As a travel writer, you can get unbelievable perks just for sharing your opinion on a place and helping readers know where to go and how to get there.
But even if you’re not traveling anytime soon, you can still earn paychecks from home.
Today, Denver Post travel editor Kyle Wagner shares a few simple hometown topics that travel editors like her are buying right now.
Take a look below… there might even be something in your hometown that you could quickly write up today or tomorrow for some extra cash.
[EDITOR’S NOTE: When you write about what there is to see and do in your hometown, you’ll likely find that you also gain a little local celebrity status. That means invites to all sorts of fun stuff — like gallery openings, tourist attractions, new restaurants, and more.]
THE HOMETOWN 7: GET PAID TO WRITE ABOUT YOUR OWN BACKYARD
By Kyle Wagner in Denver, Colorado
Who’s the top expert on where you live, eat, work, and play? You, of course! So it makes sense that you’re the writer an editor would trust the most when a story crosses his or her desk promising an insider’s take on your hometown.
The key to success, though, is seeking out the things that not everyone knows about, or sharing about the well-known, done in a new way.
Here are seven ideas for stories you can find in your hometown, along with recent examples that I’ve seen published in my area:
** 1. Unique activities: What does your region offer that few others do, and how can you find a new way to present it?
Example: The West is famous for its dude ranches, and there are hundreds of them throughout the region. First, it’s a simple matter of gathering the information on them.
But to make a story on a rare offering really sing, group them in fresh ways. For one publication, it could be dude ranches that specialize in more than just horseback riding, like a recent story we featured in The Denver Post Travel section that talked about ranches that also had tennis and spas. For another, dude ranches that welcome kids, or ones that are way off the beaten path.
** 2. Travel trends: If you notice travel trends as you are out and about, see if they’re being offered on your own turf.
Example: As my dog and I made our way along a road trip recently, I found that more high-end hotels were letting us in than ever before. I decided to see if that was the case in downtown Denver, and it was. It made for a nice Travel section cover story that wound up getting picked up by other newspapers that had readers headed our way.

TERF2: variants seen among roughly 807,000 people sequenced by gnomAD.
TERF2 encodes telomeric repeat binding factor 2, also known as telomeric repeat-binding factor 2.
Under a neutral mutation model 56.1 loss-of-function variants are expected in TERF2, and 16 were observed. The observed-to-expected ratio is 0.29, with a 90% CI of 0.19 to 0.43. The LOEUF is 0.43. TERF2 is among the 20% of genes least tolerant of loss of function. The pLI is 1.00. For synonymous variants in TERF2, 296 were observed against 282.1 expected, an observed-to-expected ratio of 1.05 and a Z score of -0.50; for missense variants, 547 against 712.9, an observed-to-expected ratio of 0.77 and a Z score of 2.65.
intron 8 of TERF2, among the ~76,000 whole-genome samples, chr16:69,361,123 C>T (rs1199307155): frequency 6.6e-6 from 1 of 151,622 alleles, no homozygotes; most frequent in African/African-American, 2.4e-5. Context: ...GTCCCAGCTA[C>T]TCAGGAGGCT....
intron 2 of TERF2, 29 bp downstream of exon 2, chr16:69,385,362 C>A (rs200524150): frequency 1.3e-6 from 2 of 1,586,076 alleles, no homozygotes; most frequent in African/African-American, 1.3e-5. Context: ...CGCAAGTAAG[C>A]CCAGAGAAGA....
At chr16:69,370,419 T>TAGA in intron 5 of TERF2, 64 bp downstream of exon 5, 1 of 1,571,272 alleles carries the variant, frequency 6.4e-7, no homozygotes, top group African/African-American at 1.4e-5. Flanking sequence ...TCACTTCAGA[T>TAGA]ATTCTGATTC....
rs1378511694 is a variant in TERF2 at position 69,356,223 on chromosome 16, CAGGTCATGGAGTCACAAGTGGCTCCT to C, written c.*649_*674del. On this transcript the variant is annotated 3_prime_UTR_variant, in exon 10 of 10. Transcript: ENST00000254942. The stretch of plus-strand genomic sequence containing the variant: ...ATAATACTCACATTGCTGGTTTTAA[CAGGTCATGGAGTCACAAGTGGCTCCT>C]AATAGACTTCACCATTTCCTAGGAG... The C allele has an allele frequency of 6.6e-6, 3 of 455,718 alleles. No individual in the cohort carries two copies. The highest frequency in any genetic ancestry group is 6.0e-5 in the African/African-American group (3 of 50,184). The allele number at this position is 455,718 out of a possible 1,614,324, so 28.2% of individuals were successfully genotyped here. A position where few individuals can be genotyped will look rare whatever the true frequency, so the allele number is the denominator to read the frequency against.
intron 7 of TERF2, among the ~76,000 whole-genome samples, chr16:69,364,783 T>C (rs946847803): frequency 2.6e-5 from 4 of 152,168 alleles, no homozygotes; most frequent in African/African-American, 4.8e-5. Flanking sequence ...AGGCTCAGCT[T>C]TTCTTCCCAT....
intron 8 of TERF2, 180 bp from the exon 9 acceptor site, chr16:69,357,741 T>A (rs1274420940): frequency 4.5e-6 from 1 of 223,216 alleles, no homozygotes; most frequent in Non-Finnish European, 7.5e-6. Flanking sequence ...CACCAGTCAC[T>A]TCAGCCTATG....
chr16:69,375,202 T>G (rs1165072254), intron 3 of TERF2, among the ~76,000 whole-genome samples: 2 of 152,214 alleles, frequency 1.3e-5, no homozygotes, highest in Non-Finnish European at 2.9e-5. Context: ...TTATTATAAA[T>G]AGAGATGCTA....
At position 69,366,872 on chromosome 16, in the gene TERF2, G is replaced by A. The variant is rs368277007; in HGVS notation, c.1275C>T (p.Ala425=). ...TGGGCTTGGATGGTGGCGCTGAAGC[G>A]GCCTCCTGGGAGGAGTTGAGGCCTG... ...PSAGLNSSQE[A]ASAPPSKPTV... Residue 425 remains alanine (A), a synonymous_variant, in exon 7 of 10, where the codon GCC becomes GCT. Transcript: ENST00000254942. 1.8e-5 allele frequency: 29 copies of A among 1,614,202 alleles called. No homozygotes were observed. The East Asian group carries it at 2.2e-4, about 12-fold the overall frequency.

** 3. Be selfish: If you love something, chances are you’re not alone. Are you an avid weekend scavenger at antiques and flea markets? Do you know every coffee shop with free Wi-Fi within driving distance? Exploit your talents, hobbies, and passions.
Example: A freelancer who knows the best fishing holes wrote in our Outdoors section about patiently out-waiting the fish while winter trolling around Colorado.
** 4. Party hard: When travelers head your way for festivals, events, and other annual traditions, they want to know what else is going on, as well as where to dine and stay while they’re there and how to get around. You’re in the best position to compile that information for readers, and can easily tap into local visitor’s bureaus for assistance, as well.
Example: For the last Great American Beer Festival, a freelancer wrote in the Entertainment section about the accompanying Denver Beer Fest and local bars and clubs that were doing specials and music at the same time.
** 5. Food, glorious food: Restaurants are the easy go-to when it comes to writing about food, always a popular topic for readers. What will catch an editor’s eye, however, is something that delves deeper into the subject. Go beyond the usual reviews or lists of the best places to eat and explore food at its source, such as farm-to-table trends or markets, etc.
Example: A freelancer’s piece on the rise of underground supper clubs in Denver for the Food section.
** 6. Be a people person: Readers enjoy relating to a local person who is connected to the area and has a story to tell. Is there someone who owns a shop that travelers will find particularly appealing when they visit? Is there a longtime local whose work makes travel to the area possible? Sharing their story will make your story more vibrant.
Example: A freelance piece in the Features section about a mountain park ranger with a long history at a park with free-range bison.
** 7. In the know: If you long to write about something that already seems to be a well-trodden topic, take it to the next level by truly delving deeper into the subject. Take the time to talk to local experts to include “how to” information to help readers do it better, easier or more cheaply, or figure out a few of those “little extras” that only a local would know to round out the story.
Example: A freelancer wrote a short guide to understanding how consignment stores work attached to her story on the best ones in the Denver area for a Features section.
[Editor’s Note: Learn more about opportunities to profit from your travels (and even from your own home) in our free online newsletter The Right Way to Travel.]